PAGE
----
Simon Pegg and Nick Frost Interview
Simon Pegg and Nick Frost Interview

Starring In

Paul (tbc)

Release Date

14th April 2011

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Simon Pegg and Nick Frost are renowned on the British comedy scene for their Channel 4 sitcom Spaced and their smash hit film spoofs Shaun of the Dead and Hot Fuzz, both of which were done in collaboration with Edgar Wright. Now they’ve gone stateside and teamed up with Greg Mottola and Seth Rogen (star of Knocked Up, Zack and Miri Make a Porno, and Superbad – also with Greg Mottola) to create the alien road-trip comedy, Paul. Recently in London, squeezed into the back of an RV parked round the back of Claridges Hotel, they spoke to View’s Matthew Turner about mixing CGI and live action filming, being in love with Sigourney Weaver and their favourite Pauls.

So, Paul. Is he named after any Pauls in particular?

Simon Pegg: No. The idea was – we were just spit-balling, it was literally like, 'What are we going to do today? The weather's nice,' and we were like, 'Okay, yeah, he's an alien and what if his name's Paul?' and it was the most human name we could think of. There was no real rhyme or reason for it – we just wanted him to sound very naturalised. The idea was that he'd been on earth for a long time and was more human than the human protagonists.

Nick Frost: It was the first thing we came up with. We never changed it. We never thought about changing it.

Simon Pegg: But we were big fans of Paul Danan at the time, off Hollyoaks.

Nick Frost: And Paul Rudd.
It depends how drunk I am and what mood I'm in...
Who are your favourite Pauls?.

Simon Pegg: My favourite Paul is Paul McCartney. As a Beatles fan, you know.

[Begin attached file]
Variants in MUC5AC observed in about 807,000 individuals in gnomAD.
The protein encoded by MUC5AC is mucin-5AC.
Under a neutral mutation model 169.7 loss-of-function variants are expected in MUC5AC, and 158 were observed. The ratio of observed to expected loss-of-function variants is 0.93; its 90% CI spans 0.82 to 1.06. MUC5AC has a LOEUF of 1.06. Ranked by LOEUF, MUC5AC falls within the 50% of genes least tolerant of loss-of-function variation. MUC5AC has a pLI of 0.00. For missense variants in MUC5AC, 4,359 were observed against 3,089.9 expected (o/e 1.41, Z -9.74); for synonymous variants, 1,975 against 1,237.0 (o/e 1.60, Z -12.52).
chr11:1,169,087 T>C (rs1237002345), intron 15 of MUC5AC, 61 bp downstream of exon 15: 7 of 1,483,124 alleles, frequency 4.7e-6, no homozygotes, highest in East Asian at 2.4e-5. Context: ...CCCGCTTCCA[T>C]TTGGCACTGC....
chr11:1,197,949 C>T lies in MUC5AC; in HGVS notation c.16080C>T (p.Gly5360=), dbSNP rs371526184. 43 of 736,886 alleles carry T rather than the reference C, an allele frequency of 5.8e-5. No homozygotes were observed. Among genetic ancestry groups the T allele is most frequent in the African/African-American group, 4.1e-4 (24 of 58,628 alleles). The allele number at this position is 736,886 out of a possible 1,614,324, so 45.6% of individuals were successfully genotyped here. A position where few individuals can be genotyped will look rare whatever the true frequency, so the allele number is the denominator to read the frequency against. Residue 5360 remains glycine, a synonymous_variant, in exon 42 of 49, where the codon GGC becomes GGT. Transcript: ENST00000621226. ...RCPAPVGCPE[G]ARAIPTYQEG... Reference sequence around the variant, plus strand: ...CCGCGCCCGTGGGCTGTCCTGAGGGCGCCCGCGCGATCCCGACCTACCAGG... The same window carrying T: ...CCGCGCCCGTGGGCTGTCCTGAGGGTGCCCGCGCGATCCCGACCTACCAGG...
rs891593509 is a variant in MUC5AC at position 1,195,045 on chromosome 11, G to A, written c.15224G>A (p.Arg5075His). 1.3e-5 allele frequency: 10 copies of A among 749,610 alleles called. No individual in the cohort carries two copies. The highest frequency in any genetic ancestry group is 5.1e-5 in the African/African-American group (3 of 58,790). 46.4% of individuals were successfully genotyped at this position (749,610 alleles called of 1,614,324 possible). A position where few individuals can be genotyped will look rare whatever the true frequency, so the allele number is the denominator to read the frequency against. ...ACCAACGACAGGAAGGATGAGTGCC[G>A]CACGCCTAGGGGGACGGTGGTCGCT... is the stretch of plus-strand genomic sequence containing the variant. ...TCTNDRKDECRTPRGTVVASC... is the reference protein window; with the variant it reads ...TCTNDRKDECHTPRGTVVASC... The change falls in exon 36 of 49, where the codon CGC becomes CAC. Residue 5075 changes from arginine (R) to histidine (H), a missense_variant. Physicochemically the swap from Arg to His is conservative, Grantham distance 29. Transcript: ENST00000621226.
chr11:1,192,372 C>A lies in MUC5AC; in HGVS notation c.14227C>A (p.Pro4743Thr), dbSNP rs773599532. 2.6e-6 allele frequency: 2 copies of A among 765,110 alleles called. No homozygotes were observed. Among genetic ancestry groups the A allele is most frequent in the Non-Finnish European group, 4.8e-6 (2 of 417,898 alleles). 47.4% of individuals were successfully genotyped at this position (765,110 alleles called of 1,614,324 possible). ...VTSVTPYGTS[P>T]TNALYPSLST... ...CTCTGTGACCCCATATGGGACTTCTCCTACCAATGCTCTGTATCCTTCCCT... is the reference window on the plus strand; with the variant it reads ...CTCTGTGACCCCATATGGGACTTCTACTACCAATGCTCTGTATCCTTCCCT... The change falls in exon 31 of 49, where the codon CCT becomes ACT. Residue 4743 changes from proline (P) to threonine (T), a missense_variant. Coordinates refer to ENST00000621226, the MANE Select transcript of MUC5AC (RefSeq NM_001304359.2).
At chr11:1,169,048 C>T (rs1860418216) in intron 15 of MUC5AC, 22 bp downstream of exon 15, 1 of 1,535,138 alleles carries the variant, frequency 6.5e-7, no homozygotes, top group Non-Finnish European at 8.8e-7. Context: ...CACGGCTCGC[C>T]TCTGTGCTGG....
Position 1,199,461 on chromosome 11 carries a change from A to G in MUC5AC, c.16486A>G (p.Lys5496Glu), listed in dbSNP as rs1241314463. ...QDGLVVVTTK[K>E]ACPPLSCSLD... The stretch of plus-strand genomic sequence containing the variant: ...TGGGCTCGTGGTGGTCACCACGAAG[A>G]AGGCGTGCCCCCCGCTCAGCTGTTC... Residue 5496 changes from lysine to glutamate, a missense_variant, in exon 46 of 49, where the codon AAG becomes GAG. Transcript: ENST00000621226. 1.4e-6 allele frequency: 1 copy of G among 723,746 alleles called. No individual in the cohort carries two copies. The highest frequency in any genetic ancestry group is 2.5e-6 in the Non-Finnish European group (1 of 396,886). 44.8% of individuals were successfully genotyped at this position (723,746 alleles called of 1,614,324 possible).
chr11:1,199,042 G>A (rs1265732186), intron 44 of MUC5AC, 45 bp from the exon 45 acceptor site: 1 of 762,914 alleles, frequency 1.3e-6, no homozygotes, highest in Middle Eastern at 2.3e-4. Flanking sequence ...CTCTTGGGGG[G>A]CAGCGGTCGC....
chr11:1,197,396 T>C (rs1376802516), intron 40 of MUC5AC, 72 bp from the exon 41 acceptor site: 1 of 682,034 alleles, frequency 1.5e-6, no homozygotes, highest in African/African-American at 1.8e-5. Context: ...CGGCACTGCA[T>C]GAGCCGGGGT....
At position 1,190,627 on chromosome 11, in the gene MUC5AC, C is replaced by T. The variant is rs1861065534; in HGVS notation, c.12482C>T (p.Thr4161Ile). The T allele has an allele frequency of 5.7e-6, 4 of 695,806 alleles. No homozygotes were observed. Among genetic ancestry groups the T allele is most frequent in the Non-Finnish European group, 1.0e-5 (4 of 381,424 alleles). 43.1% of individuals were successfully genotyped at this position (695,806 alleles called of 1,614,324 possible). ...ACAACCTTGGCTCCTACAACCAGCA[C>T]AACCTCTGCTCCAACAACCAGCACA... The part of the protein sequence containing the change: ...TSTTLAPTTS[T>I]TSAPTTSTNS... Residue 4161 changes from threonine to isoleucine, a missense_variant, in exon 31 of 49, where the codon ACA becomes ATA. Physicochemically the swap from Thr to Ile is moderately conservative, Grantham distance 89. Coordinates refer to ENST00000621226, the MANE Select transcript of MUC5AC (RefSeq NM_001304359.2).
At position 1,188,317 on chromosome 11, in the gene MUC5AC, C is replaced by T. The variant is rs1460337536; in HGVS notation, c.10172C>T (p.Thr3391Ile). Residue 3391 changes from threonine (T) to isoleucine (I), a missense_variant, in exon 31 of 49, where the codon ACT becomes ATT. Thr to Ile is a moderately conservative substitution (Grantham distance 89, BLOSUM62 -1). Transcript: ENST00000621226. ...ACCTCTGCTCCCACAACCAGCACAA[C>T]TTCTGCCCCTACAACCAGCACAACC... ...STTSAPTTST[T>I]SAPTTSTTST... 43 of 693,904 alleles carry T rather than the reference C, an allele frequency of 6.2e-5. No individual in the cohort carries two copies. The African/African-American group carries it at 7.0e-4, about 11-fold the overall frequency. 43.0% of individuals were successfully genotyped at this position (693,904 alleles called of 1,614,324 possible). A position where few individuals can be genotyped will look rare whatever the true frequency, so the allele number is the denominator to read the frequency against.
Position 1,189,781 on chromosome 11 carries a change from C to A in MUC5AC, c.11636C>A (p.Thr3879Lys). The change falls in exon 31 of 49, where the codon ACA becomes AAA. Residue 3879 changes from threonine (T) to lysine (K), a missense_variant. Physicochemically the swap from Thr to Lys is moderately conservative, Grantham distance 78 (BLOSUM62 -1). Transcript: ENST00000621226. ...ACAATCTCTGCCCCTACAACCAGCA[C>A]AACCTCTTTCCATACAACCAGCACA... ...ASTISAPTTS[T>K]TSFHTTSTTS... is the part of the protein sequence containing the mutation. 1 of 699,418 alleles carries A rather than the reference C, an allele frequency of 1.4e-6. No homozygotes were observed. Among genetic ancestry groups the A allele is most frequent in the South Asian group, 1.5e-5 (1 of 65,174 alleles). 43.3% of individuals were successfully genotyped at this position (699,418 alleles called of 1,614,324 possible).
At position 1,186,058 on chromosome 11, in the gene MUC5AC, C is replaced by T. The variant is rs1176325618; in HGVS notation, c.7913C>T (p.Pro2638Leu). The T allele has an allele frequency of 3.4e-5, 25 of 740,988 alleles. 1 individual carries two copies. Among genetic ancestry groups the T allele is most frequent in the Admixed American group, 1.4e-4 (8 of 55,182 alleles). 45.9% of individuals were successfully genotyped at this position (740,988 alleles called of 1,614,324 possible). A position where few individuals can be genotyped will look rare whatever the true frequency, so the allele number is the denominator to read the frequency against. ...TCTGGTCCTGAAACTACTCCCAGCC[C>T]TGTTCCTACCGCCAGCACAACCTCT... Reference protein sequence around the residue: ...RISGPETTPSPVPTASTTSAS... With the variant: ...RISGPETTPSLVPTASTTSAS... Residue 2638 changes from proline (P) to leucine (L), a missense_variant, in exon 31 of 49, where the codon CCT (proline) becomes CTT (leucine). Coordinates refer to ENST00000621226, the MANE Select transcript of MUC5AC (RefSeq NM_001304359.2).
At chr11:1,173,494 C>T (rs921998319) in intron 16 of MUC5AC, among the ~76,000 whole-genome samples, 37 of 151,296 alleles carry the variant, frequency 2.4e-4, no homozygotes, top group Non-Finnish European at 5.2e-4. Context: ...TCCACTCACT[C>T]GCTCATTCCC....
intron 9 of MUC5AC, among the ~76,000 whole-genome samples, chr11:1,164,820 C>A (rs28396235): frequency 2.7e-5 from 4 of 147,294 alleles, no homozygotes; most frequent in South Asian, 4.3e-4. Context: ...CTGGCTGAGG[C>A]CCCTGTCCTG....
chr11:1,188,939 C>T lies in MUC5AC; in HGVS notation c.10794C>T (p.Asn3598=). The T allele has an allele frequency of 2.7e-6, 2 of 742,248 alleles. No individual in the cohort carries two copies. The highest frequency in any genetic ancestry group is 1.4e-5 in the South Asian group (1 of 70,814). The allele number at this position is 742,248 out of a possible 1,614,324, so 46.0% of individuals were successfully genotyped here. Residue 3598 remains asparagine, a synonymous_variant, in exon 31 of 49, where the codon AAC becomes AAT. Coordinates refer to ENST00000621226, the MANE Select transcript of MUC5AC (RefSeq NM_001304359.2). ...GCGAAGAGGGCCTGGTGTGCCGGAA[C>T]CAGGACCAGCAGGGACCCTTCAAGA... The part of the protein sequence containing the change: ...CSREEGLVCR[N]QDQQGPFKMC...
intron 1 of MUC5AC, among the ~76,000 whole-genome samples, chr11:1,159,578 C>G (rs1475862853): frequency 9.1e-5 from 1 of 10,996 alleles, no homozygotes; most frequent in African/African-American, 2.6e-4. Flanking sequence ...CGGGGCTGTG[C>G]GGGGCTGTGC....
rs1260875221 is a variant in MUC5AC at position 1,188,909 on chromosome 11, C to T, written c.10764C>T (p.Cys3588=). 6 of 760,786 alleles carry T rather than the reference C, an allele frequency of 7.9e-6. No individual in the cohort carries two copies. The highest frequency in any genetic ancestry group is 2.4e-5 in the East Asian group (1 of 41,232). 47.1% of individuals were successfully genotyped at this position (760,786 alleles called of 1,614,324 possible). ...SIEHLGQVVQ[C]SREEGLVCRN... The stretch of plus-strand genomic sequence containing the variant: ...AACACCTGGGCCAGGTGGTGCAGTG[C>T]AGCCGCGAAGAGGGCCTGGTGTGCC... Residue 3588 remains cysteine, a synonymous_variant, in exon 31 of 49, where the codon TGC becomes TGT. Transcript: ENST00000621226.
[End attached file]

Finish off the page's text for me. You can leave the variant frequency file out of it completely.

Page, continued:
How did working with Greg Mottola differ from working with your usual collaborator, Edgar Wright?

Nick Frost: It was just different, you know? It was like having two different wives. They're both nice but they -

Simon Pegg: They've both got little tricks that keep you happy.

Nick Frost: Yeah, exactly. More hair, on Edgar's side. I think Greg's a more generous lover than Edgar, but Edgar's a lot rougher, so ... it depends how drunk I am and what mood I'm in.

Simon Pegg: Greg's got a different dynamic on set. When Edgar goes on set he becomes a bit insular and intense. He's also still fun, but Greg - I'd say probably more laid-back than Edgar in terms of his approach. We picked Greg because we wanted to make what was ostensibly – what felt like an American indie movie with a very sophisticated special effect in it. We wanted Greg to bring what he brought to, particularly The Day Trippers, actually, but also Superbad as a comedy director - directing comedy but giving it some kind of directorial heft behind the camera. A lot of directors, when they direct comedy just point the cameras at the funny people and that's not enough. You know, you watch a film like Raising Arizona and you see how the camera can be funny and how there can be comedic intent behind the camera and Greg has that, so we chose Greg.

It was great to see that you cast Kristen Wiig as the female lead. Can you tell us how you came to cast her?

Nick Frost: Wiggles.

Simon Pegg: The Wiggle. Yeah.

Nick Frost: She's probably the funniest person we've ever worked with. She has that kind of charm where she's not really sure if she's that funny, do you know what I mean? You kind of want just to hold her and make you laugh endlessly, which is what she does.

Simon Pegg: She reminded me of Julia Davis – of our own Julia Davis – because she's supremely funny but not entirely aware of it as well, which is almost, in a way, as important, because it means that she never relaxes, she's always striving to achieve the funny. And on set she was just – I mean we were just in love with her. She's amazing. And I'm so glad that she played Ruth because it helped us develop that character. It's hard for guys to write women because they're not women, so she was an extraordinary asset. And I think at the very beginning of what will be mega-stardom. If Hollywood could make sense of her, she would rule it. She'd be the next Tina Fey or whatever.

Nick Frost: Whenever she was doing her stuff and we weren't in it, there would always be a lot of people around the monitor, watching what she does. Because sometimes it's so small and subtle that you don't really appreciate it till you see it on the big screen as well, so watching Paul – we've watched it a couple of times now on a massive screen and it kind of upscales her looks [in the sense of glances, not appearance] and her acting – it's amazing. It's amazing to watch.
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